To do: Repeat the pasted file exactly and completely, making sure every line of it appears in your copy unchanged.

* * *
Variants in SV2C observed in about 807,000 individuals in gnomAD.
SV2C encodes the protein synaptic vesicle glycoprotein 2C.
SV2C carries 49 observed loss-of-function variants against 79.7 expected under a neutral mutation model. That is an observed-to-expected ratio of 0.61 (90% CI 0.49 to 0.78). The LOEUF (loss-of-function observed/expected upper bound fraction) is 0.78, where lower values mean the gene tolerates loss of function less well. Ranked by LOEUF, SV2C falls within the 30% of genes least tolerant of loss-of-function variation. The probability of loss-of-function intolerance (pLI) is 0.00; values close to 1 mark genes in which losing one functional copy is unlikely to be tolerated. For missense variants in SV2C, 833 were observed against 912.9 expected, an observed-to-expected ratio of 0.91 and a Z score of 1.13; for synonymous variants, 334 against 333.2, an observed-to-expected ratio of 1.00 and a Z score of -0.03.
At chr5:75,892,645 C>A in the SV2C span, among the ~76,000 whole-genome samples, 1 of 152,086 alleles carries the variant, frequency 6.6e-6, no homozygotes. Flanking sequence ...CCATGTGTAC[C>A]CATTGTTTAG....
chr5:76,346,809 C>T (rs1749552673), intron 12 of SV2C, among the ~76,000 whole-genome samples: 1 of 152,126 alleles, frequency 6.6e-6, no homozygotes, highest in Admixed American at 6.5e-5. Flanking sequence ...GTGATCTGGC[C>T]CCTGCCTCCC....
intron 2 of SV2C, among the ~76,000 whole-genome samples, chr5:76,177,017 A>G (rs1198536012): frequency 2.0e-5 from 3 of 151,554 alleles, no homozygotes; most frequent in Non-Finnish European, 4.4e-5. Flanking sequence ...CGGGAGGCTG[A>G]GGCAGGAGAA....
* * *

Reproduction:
Variants in SV2C observed in about 807,000 individuals in gnomAD.
SV2C encodes the protein synaptic vesicle glycoprotein 2C.
SV2C carries 49 observed loss-of-function variants against 79.7 expected under a neutral mutation model. That is an observed-to-expected ratio of 0.61 (90% CI 0.49 to 0.78). The LOEUF (loss-of-function observed/expected upper bound fraction) is 0.78, where lower values mean the gene tolerates loss of function less well. Ranked by LOEUF, SV2C falls within the 30% of genes least tolerant of loss-of-function variation. The probability of loss-of-function intolerance (pLI) is 0.00; values close to 1 mark genes in which losing one functional copy is unlikely to be tolerated. For missense variants in SV2C, 833 were observed against 912.9 expected, an observed-to-expected ratio of 0.91 and a Z score of 1.13; for synonymous variants, 334 against 333.2, an observed-to-expected ratio of 1.00 and a Z score of -0.03.
At chr5:75,892,645 C>A in the SV2C span, among the ~76,000 whole-genome samples, 1 of 152,086 alleles carries the variant, frequency 6.6e-6, no homozygotes. Flanking sequence ...CCATGTGTAC[C>A]CATTGTTTAG....
chr5:76,346,809 C>T (rs1749552673), intron 12 of SV2C, among the ~76,000 whole-genome samples: 1 of 152,126 alleles, frequency 6.6e-6, no homozygotes, highest in Admixed American at 6.5e-5. Flanking sequence ...GTGATCTGGC[C>T]CCTGCCTCCC....
intron 2 of SV2C, among the ~76,000 whole-genome samples, chr5:76,177,017 A>G (rs1198536012): frequency 2.0e-5 from 3 of 151,554 alleles, no homozygotes; most frequent in Non-Finnish European, 4.4e-5. Flanking sequence ...CGGGAGGCTG[A>G]GGCAGGAGAA....